What is 'Capital Employed'
Capital employed, also known as funds employed, is the total amount of capital used for the acquisition of profits. It is the value of all the assets employed in a business and can be calculated by adding fixed assets to working capital or subtracting current liabilities from total assets. By employing capital, you make an investment.
BREAKING DOWN 'Capital Employed'
Capital employed is a frequently used term but is very difficult to define because there are so many contexts in which it can be used. All definitions generally refer to the investment required for a business to function. It refers to the value of assets used in the operation of a business. Put simply, it is a measure of the value of assets minus current liabilities. Both of these measures can be found on the balance sheet. A current liability is the portion of debt that must be paid back within one year. In this way, capital employed is a more accurate estimate of total assets. Like return on assets, investors use return on capital employed to get an approximation for what their return might be in the future.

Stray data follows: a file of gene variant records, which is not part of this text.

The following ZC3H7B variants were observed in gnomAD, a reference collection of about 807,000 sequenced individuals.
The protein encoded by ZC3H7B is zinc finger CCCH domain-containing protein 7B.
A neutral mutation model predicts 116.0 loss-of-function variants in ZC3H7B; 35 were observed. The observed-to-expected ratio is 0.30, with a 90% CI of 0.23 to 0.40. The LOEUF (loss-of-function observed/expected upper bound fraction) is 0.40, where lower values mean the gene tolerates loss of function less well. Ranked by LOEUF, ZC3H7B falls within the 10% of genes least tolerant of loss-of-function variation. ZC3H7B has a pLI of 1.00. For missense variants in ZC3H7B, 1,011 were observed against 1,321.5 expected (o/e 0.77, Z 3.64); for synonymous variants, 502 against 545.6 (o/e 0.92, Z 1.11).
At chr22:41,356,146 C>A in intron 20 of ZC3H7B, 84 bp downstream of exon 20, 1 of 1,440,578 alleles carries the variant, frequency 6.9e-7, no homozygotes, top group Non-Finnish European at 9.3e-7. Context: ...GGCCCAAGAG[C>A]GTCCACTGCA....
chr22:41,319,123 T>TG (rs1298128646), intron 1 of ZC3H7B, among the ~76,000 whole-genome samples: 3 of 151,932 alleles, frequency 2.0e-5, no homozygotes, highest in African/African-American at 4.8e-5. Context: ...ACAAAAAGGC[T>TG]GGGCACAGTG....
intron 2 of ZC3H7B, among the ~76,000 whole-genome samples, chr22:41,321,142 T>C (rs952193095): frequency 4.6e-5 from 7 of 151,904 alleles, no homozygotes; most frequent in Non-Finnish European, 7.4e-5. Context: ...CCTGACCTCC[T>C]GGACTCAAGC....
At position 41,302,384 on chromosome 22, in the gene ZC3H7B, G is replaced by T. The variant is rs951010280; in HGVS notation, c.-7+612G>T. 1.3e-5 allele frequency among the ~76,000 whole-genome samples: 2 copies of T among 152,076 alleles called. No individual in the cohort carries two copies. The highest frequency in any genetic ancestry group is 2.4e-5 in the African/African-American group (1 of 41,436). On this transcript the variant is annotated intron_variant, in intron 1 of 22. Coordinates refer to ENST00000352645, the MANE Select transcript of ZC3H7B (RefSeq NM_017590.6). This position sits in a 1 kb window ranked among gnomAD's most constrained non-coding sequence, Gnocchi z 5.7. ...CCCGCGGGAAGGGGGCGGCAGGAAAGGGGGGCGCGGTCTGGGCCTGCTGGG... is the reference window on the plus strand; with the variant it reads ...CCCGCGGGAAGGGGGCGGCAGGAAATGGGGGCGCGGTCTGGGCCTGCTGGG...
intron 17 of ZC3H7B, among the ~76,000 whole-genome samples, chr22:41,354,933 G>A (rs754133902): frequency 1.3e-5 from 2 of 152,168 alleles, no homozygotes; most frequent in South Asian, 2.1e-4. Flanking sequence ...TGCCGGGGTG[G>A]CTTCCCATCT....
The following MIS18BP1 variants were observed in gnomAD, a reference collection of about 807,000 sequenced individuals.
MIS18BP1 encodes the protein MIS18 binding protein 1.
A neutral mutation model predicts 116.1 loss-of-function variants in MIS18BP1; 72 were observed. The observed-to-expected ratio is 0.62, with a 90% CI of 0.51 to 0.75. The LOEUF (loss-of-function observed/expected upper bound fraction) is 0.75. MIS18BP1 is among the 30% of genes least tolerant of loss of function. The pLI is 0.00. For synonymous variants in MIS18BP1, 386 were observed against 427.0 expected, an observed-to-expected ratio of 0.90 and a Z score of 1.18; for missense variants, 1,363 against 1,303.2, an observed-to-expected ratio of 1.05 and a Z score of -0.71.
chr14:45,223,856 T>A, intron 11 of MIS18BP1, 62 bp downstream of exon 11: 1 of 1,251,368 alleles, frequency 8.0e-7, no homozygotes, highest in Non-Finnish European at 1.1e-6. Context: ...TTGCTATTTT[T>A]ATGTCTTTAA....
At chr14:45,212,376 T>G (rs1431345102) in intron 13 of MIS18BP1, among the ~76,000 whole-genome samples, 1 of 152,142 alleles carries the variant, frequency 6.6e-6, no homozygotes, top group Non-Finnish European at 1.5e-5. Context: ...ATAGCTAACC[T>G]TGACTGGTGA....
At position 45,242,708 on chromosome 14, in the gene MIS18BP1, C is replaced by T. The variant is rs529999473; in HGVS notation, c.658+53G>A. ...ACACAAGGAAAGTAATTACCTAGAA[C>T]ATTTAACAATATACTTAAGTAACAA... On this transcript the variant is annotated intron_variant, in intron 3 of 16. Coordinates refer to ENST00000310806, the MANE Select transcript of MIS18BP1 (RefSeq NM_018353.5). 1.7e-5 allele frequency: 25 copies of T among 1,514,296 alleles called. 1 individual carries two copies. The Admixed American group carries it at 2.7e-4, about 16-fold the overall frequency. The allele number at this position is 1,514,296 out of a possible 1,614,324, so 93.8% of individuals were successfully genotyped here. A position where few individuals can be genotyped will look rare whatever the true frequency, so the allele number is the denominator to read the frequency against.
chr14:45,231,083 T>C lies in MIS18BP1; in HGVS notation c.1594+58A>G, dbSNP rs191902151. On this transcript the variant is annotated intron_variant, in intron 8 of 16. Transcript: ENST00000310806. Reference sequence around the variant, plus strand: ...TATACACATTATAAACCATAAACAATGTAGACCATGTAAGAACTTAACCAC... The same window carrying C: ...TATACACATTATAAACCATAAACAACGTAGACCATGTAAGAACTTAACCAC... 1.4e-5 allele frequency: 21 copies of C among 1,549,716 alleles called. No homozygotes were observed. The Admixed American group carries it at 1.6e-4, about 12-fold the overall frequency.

Capital employed is primarily used by analysts to determine the return on capital employed. Return on capital employed (ROCE) is thought of as a profitability ratio. It compares net operating profit to capital employed and tells investors how much each dollar of earnings is generated with each dollar of capital employed. Some analysts prefer return on capital employed over return on equity and return on assets since it takes long-term financing into consideration, and is a better gauge for the performance or profitability of the company over a longer period of time. A higher return on capital employed suggests a more efficient company, at least in terms of capital employment. A higher number may also be indicative of a company with a lot of cash on hand since cash is included in total assets. As a result, high levels of cash can sometimes skew this metric.
ROCE Calculation Example
Return on capital employed is calculated by dividing net operating profit, or earnings before interest and taxes, by employed capital. Another way to calculate it is by dividing earnings before interest and taxes by the difference between total assets and current liabilities.
As an example, if a company makes $10,000 in operating profit, has $100,000 in assets and $25,000 in current liabilities, the return on capital employed is $10,000 divided by $75,000, or 13%. A return on capital employed of 13% means that for every dollar invested in capital employed, the company made 13 cents of profits. By contrast, if the company made $50,000 in operating profit, the calculation is $50,000 divided by $75,000, or 60%, which is much better. In the latter example, the company is making five times more money per dollar of capital employed.